In 1803 the United States made the Louisiana Purchase and President Thomas Jefferson
sent Lewis and Clark on their famous mission to find out just what we got for our
money. Lewis and Clark and company spent two years palnning and staging before setting
off up the Missouri River. They spent the next 3 years making their way into the
history books. They explored a lot of the northern part of the Purchase and made
the journey to the Pacific coast and then back to St. Louis. They did a great job
of mapping and sorting out a lot of the geography along the way. But they stayed
completely away from the southern boundary of the Purchase.
In 1806, Jefferson sent Lt. Zebulon Pike with a company of soldiers to chart that
southern boundary by following the Arkansas River to its’ source. Once there, he
was to head south and locate the headwaters of the Red River, then follow that river
back to Louisiana. On their way out of Missouri, they were also given the task of
escorting 51 Osage Indians back to their homes in Kansas.
On July 15, 1806, Pike and crew sailed from a landing 14 miles north of St. Louis
on the Missouri River and headed west. Five weeks later they arrived at a village
of the Little Osage and had a meeting with the chiefs of the tribe. One aspect of
Pike’s mission was to establish peaceful relationships with different tribes and
encourage them to trade with Americans. After two weeks of negotiations, Pike and
his men moved on, looking for the Pawnee Nation villages. After three weeks, the
Pawnee were found and another week of negotiations happened. According to Pike’s
notes, he smoked the pipe of peace with Pawnee, Osage and Kansas Indians and felt
he was doing pretty good until it came time to leave. That’s when he discovered
the Pawnee didn’t want him to go any further west. After a show of force, Pike and
company moved on.
Eleven days later they found the Arkansas River and set up camp for a few days.
Here they hunted and stored up meat while some of the men constructed two canoes.
Then they headed upstream. Two weeks journey (about 15 miles per day) brought them
to their first view of the “Mexican Mountains,” (the Front Range around Pike’s Peak).
A few days later they built a breastworks near the confluence of Fountain Creek
and the Arkansas River. From here, Pike, Doctor Robinson and Privates Miller and
Brown set out to climb Pike’s Peak. They didn’t make the summit, having grossly
under-estimated the difficulty and the distance involved. They returned to camp
after a week’s absence and then the party headed upstream along the Arkansas. When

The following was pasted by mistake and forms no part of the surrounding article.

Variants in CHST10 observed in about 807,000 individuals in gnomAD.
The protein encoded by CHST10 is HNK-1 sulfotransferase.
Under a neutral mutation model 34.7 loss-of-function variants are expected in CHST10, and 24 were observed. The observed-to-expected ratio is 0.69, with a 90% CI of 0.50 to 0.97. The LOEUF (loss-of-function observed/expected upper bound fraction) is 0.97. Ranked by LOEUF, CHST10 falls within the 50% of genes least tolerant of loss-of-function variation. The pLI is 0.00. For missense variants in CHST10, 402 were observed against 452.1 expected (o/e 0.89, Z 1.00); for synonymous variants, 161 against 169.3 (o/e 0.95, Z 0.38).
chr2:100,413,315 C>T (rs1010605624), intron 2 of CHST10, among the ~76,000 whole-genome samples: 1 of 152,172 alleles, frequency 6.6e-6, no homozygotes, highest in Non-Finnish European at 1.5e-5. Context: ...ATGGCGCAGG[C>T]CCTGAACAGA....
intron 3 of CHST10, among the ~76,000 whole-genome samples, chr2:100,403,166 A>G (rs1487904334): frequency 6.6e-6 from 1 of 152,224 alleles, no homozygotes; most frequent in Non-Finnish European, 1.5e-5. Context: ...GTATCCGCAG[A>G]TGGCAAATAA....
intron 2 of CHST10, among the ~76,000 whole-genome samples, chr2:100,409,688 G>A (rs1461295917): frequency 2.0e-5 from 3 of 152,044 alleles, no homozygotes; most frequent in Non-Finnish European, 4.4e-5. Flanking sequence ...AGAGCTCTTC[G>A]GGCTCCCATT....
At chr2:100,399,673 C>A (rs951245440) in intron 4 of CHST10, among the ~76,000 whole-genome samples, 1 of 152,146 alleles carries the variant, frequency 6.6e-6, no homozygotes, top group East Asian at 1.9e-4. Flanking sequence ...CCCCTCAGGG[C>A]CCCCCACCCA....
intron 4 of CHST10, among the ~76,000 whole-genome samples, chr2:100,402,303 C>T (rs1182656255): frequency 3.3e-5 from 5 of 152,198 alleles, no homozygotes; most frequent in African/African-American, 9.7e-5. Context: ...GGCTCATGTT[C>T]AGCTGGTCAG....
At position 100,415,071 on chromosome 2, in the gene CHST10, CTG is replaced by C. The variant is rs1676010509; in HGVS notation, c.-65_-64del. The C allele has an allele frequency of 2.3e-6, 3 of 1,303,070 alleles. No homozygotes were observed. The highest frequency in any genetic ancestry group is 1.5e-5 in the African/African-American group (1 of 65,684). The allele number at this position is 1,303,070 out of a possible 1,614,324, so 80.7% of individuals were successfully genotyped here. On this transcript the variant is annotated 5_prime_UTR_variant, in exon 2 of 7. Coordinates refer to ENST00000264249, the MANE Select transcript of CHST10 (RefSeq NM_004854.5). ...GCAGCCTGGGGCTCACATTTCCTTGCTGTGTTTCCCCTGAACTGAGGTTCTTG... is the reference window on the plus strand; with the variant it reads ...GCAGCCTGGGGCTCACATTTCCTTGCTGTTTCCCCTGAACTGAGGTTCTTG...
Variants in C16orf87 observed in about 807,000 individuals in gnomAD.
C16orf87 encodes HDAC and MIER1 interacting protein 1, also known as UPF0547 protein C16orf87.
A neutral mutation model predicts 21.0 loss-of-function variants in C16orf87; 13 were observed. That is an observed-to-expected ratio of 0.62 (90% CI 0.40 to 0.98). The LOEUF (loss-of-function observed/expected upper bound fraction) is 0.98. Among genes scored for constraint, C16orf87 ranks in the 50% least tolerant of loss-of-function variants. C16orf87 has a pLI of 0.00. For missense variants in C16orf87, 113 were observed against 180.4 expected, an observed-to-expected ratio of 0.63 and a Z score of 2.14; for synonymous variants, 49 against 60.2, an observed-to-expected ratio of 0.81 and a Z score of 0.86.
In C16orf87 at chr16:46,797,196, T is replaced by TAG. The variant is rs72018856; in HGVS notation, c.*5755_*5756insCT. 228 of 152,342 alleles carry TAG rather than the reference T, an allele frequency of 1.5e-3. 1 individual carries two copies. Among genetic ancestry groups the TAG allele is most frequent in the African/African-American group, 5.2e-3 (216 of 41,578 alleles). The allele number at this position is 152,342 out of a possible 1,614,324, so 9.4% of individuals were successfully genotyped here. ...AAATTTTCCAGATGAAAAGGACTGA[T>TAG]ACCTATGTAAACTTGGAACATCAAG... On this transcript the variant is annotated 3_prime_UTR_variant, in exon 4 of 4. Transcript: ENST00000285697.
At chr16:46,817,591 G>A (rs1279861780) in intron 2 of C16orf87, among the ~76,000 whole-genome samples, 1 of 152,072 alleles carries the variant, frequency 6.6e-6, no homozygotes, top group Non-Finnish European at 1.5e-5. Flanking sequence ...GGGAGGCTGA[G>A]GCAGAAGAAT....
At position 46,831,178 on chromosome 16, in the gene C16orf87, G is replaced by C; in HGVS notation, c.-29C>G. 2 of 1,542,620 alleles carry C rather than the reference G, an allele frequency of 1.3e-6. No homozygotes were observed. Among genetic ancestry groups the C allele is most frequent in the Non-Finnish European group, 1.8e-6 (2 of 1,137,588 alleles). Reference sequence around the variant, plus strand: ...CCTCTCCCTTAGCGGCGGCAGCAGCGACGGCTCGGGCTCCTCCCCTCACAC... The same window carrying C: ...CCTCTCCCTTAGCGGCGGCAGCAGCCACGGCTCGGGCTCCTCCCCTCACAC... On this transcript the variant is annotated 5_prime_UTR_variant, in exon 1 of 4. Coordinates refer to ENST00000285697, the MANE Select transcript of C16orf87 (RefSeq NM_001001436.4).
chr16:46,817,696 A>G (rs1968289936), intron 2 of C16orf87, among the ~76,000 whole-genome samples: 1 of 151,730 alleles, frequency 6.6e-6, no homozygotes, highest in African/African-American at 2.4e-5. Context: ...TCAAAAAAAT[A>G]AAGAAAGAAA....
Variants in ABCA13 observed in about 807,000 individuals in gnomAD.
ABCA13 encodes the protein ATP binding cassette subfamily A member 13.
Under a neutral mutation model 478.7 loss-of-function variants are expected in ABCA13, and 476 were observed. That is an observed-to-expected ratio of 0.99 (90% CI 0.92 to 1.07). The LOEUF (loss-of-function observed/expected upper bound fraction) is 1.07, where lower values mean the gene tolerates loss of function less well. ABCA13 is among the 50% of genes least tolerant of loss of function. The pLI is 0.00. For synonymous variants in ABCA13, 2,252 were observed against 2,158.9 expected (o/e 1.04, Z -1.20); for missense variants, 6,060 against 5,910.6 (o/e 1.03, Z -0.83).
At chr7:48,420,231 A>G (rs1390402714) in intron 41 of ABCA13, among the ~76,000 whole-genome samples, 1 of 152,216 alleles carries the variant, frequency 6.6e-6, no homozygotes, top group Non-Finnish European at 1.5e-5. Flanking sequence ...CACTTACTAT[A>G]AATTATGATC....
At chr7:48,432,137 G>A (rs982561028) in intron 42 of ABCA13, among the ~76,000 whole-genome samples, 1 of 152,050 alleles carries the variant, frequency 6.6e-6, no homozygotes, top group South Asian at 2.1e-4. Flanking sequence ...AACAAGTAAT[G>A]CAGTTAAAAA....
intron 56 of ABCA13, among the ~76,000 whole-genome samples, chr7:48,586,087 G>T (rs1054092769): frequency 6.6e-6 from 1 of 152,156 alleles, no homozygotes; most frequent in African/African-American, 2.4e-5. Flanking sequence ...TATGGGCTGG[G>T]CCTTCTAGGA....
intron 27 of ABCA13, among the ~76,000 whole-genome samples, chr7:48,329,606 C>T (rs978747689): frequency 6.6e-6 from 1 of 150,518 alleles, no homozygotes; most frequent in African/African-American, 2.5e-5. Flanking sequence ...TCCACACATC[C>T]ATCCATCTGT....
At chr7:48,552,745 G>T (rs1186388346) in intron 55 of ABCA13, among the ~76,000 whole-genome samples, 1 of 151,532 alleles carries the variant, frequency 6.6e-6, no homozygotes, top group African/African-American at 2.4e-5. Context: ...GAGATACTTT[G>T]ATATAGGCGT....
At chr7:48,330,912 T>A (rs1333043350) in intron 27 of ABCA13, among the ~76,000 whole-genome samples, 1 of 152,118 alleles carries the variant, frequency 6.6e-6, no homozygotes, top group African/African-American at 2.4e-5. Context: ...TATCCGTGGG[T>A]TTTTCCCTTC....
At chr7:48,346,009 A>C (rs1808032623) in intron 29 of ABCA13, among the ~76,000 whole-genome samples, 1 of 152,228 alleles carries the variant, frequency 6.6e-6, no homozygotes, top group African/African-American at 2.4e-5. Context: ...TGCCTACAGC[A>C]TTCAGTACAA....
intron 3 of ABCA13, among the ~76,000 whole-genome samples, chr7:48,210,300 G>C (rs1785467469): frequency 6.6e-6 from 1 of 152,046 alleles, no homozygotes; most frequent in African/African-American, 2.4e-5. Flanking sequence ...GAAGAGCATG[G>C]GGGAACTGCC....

they came to the Royal Gorge, they tried to find some other way west. At this point
they began a series of journeys that basically, led them in circles. Finally, they
came to the Arkansas again (although they thought it was the Red River). From here,
Pike and a couple of his men went north to locate and map the headwaters of the
river while the rest of the party went south. Four days later Pike returned to the
main group and they spent Christmas somewhere near where Salida is now. Thinking
they were now following the Red River and the main parts of their mission were accomplished,
they started moving back downstream. Then they came to the Royal Gorge again and
realized their mistake. From here they turned south and fought their way up the
canyon of Grape Creek and entered the Wet Mountain Valley.
Early January, heavy winter, the Wet Mountain Valley: these guys weren’t prepared.
For twelve days, they made their way south, looking for a way to go west through
that great wall of mountains we call the Sangre de Cristo’s. We don’t know for sure
if they made their way through Medano Pass or through Mosca Pass, a bit further
south (both passes cross the spine of the mountains between Huerfano County and
Alamosa County), but we know they emerged from the mountains at the edge of the
Great Sand Dunes on January 28, 1807. They were in the San Luis Valley in the heart
of winter. They were really not prepared for it (although they fared better than
John Fremont would almost forty years later in the same valley).
For five days they travelled south in the valley, crossing the Rio Grande and continuing
until they came to the Conejos River at a place where warm springs flowed out of
the ground and kept the river free of ice right there. Here they built Pike’s Stockade
(just north of Manassa) and prepared to last out the winter.
On February 7, Doctor Robinson headed out on his own to visit Santa Fe. On the 16th,
a Spanish dragoon in the company of an Indian arrived and invited Pike to come to
Santa Fe. He respectfully declined, saying that his men had been scattered all over
the countryside and were now returning to continue their journey back to Louisiana.
On the 26th, a company of dragoons arrived and set about “inviting” Pike to accept
the Governor’s hospitality and visit him in Santa Fe. On the 28th, Pike and most
of his men left camp with the Spaniards and headed for Santa Fe. This is where the
formal Pike Expedition ended.
In Santa Fe, Pike’s baggage was searched and Governor Allencaster inspected his
commission and orders. Then Pike and his men were taken to Chihuahua, Mexico, to
meet with His Excellency, Commandant General Salcedo, where his papers and records
were again inspected and reviewed. Pike says that never was he under arrest on this
journey and he was actually able to learn quite a bit about the military forces,
geography, and political sentiments and dispositions of the local people he met
along the way.
The Spanish returned Pike and his men to Natchitoches, Louisiana on July 1, 1807.
In 1810 he published his final report of the expedition as a book. It was filled
with much valuable information and was widely read. But he never did locate the
headwaters of the Red River.